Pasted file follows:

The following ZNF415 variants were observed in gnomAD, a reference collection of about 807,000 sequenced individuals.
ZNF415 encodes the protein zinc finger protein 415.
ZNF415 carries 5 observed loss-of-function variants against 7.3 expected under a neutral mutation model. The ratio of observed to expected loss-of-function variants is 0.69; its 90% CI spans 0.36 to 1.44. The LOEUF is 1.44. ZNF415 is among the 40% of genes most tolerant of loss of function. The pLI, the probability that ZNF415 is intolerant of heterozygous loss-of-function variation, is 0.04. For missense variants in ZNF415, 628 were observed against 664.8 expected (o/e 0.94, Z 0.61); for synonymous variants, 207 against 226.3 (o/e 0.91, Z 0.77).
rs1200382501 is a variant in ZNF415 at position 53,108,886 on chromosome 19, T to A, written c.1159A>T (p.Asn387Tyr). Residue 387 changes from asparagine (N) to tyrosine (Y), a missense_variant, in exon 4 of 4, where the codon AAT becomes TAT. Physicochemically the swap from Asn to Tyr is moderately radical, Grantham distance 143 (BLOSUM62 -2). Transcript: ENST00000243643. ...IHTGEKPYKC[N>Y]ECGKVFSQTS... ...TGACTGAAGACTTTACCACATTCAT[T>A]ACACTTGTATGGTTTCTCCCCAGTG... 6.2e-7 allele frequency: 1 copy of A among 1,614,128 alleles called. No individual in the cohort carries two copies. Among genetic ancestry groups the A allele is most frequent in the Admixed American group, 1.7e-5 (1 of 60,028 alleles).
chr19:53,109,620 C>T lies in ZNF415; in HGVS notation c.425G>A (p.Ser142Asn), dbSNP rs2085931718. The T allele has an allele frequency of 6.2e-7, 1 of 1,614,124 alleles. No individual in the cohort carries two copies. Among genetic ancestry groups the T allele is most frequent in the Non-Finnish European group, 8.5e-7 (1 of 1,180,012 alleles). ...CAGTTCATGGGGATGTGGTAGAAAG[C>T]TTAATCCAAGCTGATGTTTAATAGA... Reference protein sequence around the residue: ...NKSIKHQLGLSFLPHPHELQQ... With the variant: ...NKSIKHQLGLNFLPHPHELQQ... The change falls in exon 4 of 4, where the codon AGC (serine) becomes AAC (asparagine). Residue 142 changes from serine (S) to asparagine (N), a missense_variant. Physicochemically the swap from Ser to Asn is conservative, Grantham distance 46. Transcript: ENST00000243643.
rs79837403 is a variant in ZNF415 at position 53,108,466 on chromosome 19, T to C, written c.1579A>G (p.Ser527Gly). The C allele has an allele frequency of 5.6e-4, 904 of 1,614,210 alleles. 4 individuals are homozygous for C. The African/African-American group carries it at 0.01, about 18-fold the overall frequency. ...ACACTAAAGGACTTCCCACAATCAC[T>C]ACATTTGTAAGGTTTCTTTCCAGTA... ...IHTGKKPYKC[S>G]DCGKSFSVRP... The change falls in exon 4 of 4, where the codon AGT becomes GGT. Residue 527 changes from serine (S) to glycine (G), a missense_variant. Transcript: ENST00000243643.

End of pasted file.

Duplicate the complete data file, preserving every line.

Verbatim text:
The following ZNF415 variants were observed in gnomAD, a reference collection of about 807,000 sequenced individuals.
ZNF415 encodes the protein zinc finger protein 415.
ZNF415 carries 5 observed loss-of-function variants against 7.3 expected under a neutral mutation model. The ratio of observed to expected loss-of-function variants is 0.69; its 90% CI spans 0.36 to 1.44. The LOEUF is 1.44. ZNF415 is among the 40% of genes most tolerant of loss of function. The pLI, the probability that ZNF415 is intolerant of heterozygous loss-of-function variation, is 0.04. For missense variants in ZNF415, 628 were observed against 664.8 expected (o/e 0.94, Z 0.61); for synonymous variants, 207 against 226.3 (o/e 0.91, Z 0.77).
rs1200382501 is a variant in ZNF415 at position 53,108,886 on chromosome 19, T to A, written c.1159A>T (p.Asn387Tyr). Residue 387 changes from asparagine (N) to tyrosine (Y), a missense_variant, in exon 4 of 4, where the codon AAT becomes TAT. Physicochemically the swap from Asn to Tyr is moderately radical, Grantham distance 143 (BLOSUM62 -2). Transcript: ENST00000243643. ...IHTGEKPYKC[N>Y]ECGKVFSQTS... ...TGACTGAAGACTTTACCACATTCAT[T>A]ACACTTGTATGGTTTCTCCCCAGTG... 6.2e-7 allele frequency: 1 copy of A among 1,614,128 alleles called. No individual in the cohort carries two copies. Among genetic ancestry groups the A allele is most frequent in the Admixed American group, 1.7e-5 (1 of 60,028 alleles).
chr19:53,109,620 C>T lies in ZNF415; in HGVS notation c.425G>A (p.Ser142Asn), dbSNP rs2085931718. The T allele has an allele frequency of 6.2e-7, 1 of 1,614,124 alleles. No individual in the cohort carries two copies. Among genetic ancestry groups the T allele is most frequent in the Non-Finnish European group, 8.5e-7 (1 of 1,180,012 alleles). ...CAGTTCATGGGGATGTGGTAGAAAG[C>T]TTAATCCAAGCTGATGTTTAATAGA... Reference protein sequence around the residue: ...NKSIKHQLGLSFLPHPHELQQ... With the variant: ...NKSIKHQLGLNFLPHPHELQQ... The change falls in exon 4 of 4, where the codon AGC (serine) becomes AAC (asparagine). Residue 142 changes from serine (S) to asparagine (N), a missense_variant. Physicochemically the swap from Ser to Asn is conservative, Grantham distance 46. Transcript: ENST00000243643.
rs79837403 is a variant in ZNF415 at position 53,108,466 on chromosome 19, T to C, written c.1579A>G (p.Ser527Gly). The C allele has an allele frequency of 5.6e-4, 904 of 1,614,210 alleles. 4 individuals are homozygous for C. The African/African-American group carries it at 0.01, about 18-fold the overall frequency. ...ACACTAAAGGACTTCCCACAATCAC[T>C]ACATTTGTAAGGTTTCTTTCCAGTA... ...IHTGKKPYKC[S>G]DCGKSFSVRP... The change falls in exon 4 of 4, where the codon AGT becomes GGT. Residue 527 changes from serine (S) to glycine (G), a missense_variant. Transcript: ENST00000243643.